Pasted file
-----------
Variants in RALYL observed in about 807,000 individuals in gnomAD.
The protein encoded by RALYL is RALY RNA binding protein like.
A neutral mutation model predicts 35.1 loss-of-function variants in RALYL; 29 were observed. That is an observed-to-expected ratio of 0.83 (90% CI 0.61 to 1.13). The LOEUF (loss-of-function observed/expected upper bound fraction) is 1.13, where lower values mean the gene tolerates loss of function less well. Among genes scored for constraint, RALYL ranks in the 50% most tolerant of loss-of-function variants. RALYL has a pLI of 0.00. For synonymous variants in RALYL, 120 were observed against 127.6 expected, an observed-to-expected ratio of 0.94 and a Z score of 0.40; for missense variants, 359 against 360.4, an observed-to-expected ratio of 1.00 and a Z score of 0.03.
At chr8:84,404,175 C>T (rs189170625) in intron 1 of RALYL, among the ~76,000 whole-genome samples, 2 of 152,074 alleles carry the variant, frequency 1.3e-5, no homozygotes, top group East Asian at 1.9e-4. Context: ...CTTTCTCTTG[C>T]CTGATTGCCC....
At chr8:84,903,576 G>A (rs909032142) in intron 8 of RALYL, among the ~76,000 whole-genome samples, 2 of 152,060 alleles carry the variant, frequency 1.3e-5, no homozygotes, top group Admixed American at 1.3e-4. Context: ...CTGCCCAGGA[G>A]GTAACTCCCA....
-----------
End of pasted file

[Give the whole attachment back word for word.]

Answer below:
Variants in RALYL observed in about 807,000 individuals in gnomAD.
The protein encoded by RALYL is RALY RNA binding protein like.
A neutral mutation model predicts 35.1 loss-of-function variants in RALYL; 29 were observed. That is an observed-to-expected ratio of 0.83 (90% CI 0.61 to 1.13). The LOEUF (loss-of-function observed/expected upper bound fraction) is 1.13, where lower values mean the gene tolerates loss of function less well. Among genes scored for constraint, RALYL ranks in the 50% most tolerant of loss-of-function variants. RALYL has a pLI of 0.00. For synonymous variants in RALYL, 120 were observed against 127.6 expected, an observed-to-expected ratio of 0.94 and a Z score of 0.40; for missense variants, 359 against 360.4, an observed-to-expected ratio of 1.00 and a Z score of 0.03.
At chr8:84,404,175 C>T (rs189170625) in intron 1 of RALYL, among the ~76,000 whole-genome samples, 2 of 152,074 alleles carry the variant, frequency 1.3e-5, no homozygotes, top group East Asian at 1.9e-4. Context: ...CTTTCTCTTG[C>T]CTGATTGCCC....
At chr8:84,903,576 G>A (rs909032142) in intron 8 of RALYL, among the ~76,000 whole-genome samples, 2 of 152,060 alleles carry the variant, frequency 1.3e-5, no homozygotes, top group Admixed American at 1.3e-4. Context: ...CTGCCCAGGA[G>A]GTAACTCCCA....